Amanda Souza Setti et al published a study in 2012. In this study, fertilization rates, D3 and D5 embryo quality was found to be much better in Intracytoplasmic morphologically selected sperm injection (IMSI) than Intracytoplasmic sperm injection (ICSI). In this study, it is also said that good results were achieved when oocyte morphology was also included in evaluation [17,18].

There are similar studies as our’s and also at the present time sperm DNA fragmentation is performed in many centers but still the choice for treatment is determined by a simple sperm parameters analysis in many technologically insufficient centers. Of course more studies should be performed with more patients and cycles count and perhaps sperm DNA oriented examinations will take over features like number, morphology and motility in the future but for the present time we beleive our study contributes to the current literature.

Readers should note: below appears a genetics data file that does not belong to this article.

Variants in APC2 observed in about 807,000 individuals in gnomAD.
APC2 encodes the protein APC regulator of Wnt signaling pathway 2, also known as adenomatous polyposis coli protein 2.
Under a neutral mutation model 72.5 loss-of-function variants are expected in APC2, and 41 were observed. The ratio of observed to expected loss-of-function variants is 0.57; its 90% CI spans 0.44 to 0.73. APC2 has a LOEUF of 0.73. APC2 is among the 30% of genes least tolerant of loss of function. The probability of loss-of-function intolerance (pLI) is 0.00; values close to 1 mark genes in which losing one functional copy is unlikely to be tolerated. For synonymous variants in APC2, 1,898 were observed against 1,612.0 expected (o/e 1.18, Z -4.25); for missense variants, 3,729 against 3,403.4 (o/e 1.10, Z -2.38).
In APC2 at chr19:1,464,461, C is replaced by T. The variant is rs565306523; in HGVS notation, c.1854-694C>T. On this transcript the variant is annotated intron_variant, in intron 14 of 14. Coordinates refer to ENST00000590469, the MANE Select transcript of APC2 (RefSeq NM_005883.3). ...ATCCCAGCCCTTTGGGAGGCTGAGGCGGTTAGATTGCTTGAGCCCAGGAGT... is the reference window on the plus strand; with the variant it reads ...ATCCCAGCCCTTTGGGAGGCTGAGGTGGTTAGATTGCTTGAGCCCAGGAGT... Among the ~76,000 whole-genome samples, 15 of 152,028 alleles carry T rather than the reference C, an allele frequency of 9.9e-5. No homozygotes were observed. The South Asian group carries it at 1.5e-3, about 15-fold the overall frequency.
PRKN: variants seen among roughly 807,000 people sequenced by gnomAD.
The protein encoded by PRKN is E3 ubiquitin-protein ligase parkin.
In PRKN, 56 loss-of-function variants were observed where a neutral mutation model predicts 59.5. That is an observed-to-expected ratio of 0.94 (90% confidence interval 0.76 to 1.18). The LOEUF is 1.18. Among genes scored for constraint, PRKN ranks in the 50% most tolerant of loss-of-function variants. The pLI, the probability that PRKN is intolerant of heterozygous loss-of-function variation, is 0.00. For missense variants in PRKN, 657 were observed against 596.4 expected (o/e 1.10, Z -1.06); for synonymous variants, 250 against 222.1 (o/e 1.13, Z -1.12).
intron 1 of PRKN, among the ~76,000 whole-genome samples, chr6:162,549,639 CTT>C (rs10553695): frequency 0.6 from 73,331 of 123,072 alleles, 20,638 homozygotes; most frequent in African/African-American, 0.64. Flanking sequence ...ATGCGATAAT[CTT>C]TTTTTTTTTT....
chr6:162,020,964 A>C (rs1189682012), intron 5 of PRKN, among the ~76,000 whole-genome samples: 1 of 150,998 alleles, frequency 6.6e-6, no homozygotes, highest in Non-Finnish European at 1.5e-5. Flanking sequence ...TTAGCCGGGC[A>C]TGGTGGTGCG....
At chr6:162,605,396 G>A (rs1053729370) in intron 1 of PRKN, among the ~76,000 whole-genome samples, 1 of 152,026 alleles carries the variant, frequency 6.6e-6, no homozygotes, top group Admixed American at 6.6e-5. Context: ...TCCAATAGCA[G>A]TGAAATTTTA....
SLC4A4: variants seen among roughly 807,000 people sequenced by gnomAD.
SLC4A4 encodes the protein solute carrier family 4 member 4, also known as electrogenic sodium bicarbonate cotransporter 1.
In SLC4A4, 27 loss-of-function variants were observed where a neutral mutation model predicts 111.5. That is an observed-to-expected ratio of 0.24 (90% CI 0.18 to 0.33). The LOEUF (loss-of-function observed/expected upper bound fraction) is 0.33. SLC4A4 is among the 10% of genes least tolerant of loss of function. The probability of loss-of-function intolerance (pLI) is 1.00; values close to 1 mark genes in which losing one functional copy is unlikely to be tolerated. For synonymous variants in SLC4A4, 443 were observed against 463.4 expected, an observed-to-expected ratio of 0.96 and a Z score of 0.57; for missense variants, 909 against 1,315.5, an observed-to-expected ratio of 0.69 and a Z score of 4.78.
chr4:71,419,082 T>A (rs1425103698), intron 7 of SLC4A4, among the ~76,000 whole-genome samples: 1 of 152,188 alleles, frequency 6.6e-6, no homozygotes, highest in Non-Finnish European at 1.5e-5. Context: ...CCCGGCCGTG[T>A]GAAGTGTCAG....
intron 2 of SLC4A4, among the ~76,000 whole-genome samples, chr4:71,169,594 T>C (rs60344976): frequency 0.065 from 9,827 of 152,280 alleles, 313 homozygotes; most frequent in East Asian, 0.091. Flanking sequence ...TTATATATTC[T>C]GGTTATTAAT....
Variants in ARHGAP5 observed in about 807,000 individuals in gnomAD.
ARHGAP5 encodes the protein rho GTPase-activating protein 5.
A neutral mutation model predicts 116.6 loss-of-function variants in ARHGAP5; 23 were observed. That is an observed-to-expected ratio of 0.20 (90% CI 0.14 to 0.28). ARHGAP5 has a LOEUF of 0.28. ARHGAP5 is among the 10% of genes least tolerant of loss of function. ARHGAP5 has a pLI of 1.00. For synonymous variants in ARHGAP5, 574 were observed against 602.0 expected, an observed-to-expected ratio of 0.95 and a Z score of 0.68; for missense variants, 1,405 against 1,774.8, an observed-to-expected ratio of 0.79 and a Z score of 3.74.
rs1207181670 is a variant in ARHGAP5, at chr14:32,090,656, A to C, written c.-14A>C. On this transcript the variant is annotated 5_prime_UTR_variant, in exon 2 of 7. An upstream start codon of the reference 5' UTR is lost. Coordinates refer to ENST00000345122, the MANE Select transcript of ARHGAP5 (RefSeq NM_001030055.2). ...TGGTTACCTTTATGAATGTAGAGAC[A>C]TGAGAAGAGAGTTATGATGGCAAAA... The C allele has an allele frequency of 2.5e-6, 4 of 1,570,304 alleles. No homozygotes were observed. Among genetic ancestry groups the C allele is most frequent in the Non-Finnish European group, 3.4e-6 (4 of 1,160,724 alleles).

Competing interests

The authors declare that they have no competing interests.


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Additional Info

  • Recieved: 10.11.2015
  • Accepted: 01.12.2015
  • Published Online: 01.12.2015
  • Printed: 01.01.2016
  • DOI: 10.4328/JCAM.4071
  • Author: Kadir Bakay, Davut Guven, A. Sertac Batioglu, Hasan Cakiroglu, Bulent Ayas
  • Identifier: J Clin Anal Med. 2016;7(1):94-96
  • Index Page: 94-96
  • How to Cite: Kadir Bakay, Davut Guven, A. Sertac Batioglu, Hasan Cakiroglu, Bulent Ayas. There is No Effect of Total Sperm Count on Pregnancy Rates in ICSI Cycles. J Clin Anal Med. 2016;7(1):94-96
  • Running Title: Effect of total sperm count in ICSI cycles